2010 Toyota Prius Review


2010 TOYOTA PRIUS (select to view enlarged photo)
2010 TOYOTA PRIUS

SEE ALSO: Compare Toytota Prius to Ford Fusion Hybrid, Honda Insight Hybrid, Nissan Altima Hybrid

SEE ALSO:Toyota Specs, Reviews and Comparisons-Toyota Buyers Guide

THE AUTO PAGE
By John Heilig

SPECIFICATIONS: 2010 TOYOTA PRIUS

Model: 2010 Toyota Prius
Engine: 1.8-liter Atkinson cycle I4plus 27 kw electric motor
Horsepower/Torque: 98 hp @ 5200 rpm/105 lb.-ft. @ 4000 rpm (134 total h orsepower)
Transmission: Electronic CVT
Wheelbase: 106.3 in.
Length/Width/Height: 175.6 x 68.7 x 58.7 in.
Tires: P215/45R17
Cargo volume: 15.6/21.5/39.6 cu. ft. (under tonneau/to glass/rear seats down)
Fuel economy: 51 mpg city/48 mpg highway/65 mpg test (see text)
Fuel capacity: .11.9 gal.
Sticker: $21,000 (Prius I starting base) - $27,270 (Prius V starting base) plus $750 delivery charge

The Bottom Line: The new Prius is bigger than its predecessor, but not by much. It is more economical though, even with a bigger engine. You have to look hard to notice the subtle changes in styling, but they are there. The new model overcomes some of the deficiencies of the older one, which is one of the reasons for a redesign.

When you have a buyer base as loyal as that of the Toyota Prius hybrid, you don’t want to get too carried away when you do a redesign. The retention rate with Prius is in the 85-90 percent range. Therefore, the 2010 third generation Prius looks a lot like the second-generation Prius. The wheelbase is the same, the overall length is a half inch longer, and it’s three quarters of an inch wider. There’s a subtle rise to the roof that “moves” from just behind the driver’s head to a bit further back. And that’s it. 0A

The changes under the hood are relatively minor as well. The four-cylinder Atkinson cycle gasoline engine has been enlarged to 1.8 liters from 1.5 liters and develops 22 more horsepower to 98. The electric side of the hybrid is upgraded as well, to 27 kw vs. 25, from a 201.6 volt NiMH battery that is more compact. The end result is slightly better performance on the road with the added benefit of better fuel economy.

Toyota quotes 50 mpg city and 49 mpg highway with the new Prius, vs. 48/45 with the previous generation. In our short test run we did average 65 mpg, but that was by driving slowly and using the battery as much as possible.

There are three driving modes with the Prius – EV, which is completely electric and will power the car for one mile at 25 mph; ECO, for “economy” and smoothes out the throttle openings; and PWR, which adds sportiness for hills and Interstate merges.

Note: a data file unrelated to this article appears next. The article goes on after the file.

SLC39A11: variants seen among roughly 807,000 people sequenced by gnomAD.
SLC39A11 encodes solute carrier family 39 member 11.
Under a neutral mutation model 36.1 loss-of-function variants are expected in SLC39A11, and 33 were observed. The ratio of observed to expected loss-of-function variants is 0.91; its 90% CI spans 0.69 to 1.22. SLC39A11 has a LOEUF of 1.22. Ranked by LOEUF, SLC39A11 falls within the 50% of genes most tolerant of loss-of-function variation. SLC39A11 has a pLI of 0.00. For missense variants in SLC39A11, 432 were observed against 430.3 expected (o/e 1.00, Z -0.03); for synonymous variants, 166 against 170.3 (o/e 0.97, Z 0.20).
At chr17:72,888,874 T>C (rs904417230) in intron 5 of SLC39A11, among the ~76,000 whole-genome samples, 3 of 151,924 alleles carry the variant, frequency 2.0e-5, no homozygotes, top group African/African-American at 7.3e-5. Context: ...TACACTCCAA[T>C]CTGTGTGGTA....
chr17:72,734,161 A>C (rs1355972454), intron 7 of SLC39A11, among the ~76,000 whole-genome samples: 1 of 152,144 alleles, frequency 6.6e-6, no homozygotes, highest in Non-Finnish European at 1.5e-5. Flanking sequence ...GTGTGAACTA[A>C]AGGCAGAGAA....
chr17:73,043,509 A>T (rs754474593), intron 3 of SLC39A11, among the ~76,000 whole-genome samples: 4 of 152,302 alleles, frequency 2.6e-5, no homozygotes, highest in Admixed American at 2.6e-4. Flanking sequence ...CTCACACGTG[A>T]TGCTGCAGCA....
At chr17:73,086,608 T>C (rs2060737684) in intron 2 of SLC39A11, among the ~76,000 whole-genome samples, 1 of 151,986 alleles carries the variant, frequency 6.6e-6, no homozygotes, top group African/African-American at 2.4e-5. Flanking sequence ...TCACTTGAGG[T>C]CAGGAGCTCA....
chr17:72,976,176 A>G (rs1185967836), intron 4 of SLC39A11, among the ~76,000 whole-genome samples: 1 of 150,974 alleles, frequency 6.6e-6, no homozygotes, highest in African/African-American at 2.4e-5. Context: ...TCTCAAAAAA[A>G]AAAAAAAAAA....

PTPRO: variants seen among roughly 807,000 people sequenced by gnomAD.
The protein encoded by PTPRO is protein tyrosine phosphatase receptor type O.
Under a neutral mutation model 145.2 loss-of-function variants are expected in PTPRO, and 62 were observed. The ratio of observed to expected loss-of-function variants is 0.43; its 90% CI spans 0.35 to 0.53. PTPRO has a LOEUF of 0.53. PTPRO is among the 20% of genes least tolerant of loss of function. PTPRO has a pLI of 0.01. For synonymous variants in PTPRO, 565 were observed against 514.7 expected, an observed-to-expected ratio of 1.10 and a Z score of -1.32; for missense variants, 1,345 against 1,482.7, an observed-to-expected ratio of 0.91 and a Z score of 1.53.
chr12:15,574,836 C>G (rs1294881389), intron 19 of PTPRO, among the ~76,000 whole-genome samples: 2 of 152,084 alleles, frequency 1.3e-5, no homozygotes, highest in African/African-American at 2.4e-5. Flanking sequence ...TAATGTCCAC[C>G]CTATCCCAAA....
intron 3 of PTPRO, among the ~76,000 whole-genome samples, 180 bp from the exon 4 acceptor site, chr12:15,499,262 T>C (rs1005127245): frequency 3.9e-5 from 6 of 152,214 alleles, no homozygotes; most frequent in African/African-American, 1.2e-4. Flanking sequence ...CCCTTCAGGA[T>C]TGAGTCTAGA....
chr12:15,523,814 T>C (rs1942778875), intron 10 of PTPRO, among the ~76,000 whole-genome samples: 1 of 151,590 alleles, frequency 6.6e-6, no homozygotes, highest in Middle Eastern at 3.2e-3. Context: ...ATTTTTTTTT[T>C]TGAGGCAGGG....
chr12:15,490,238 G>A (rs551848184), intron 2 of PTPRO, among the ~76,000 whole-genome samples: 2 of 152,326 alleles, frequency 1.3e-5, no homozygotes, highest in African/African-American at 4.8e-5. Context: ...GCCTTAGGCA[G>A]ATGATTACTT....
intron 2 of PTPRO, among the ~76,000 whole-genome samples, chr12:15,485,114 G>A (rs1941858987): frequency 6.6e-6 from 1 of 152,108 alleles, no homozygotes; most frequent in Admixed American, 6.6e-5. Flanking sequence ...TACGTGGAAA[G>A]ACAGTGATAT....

Inside, the center stack design is reminiscent of the Lexus RX and seems to follow a Toyota corporate design. There’s a multi-information display at the top center of the dash that has the speedometer and all information. My co-driver and I felt there was too much information from this display. Personally, I would have preferred a speedometer and turn signal readout closer to the driver and more in the line of sight, although the display is canted toward the driver. The center stack has flat panel switches which are clean and neat.

The shifter has a unique pattern, with R,N and D on the left and B on the right. It has pushbutton start and stop, with the park brake engaged through a button on the dash.

Prius also has an available solar roof whose only purpose is to run the fan in the ventilation system. It seems as if it could have another function. There’s also an available sun roof. The key fob can remotely turn on the air conditioning system, which will run for about three minutes cooling the car before you get in.

Also available is Toyota’s Safety Connect, which is similar to OnStar. Through Safety Connect you have collision notification and response, recovery of your Prius if it’s stolen, emergency assistance and roadside assistance. Other features include Dynamic Radar Cruise Control, Lane Departure Warning and Lane Keep Assist (similar to LDW).

In our test ride we noticed some tire noise in the electric mode, indicating that the electric mode was too quiet.

There’s a bar across the rear window that breaks up rearward vision, similar to the Honda Civic of a few years back. General ride quality is very good with good front and rear legroom. One reason for moving the roof peak rearward is to increase rear headroom, and it works. Cornering ability is good on exit ramps, but you don’t buy a Prius for its cornering ability.

Prius has a nice cargo area that is carpeted and includes good underfloor storage.

The third generation Prius isn’t going to shock anyone with its design or performance. It is going to satisfy current Prius owners who may want to move up, as well as new-to-the-brand buyers who’d be interested in a hybrid.

2009 The Auto Page Syndicate

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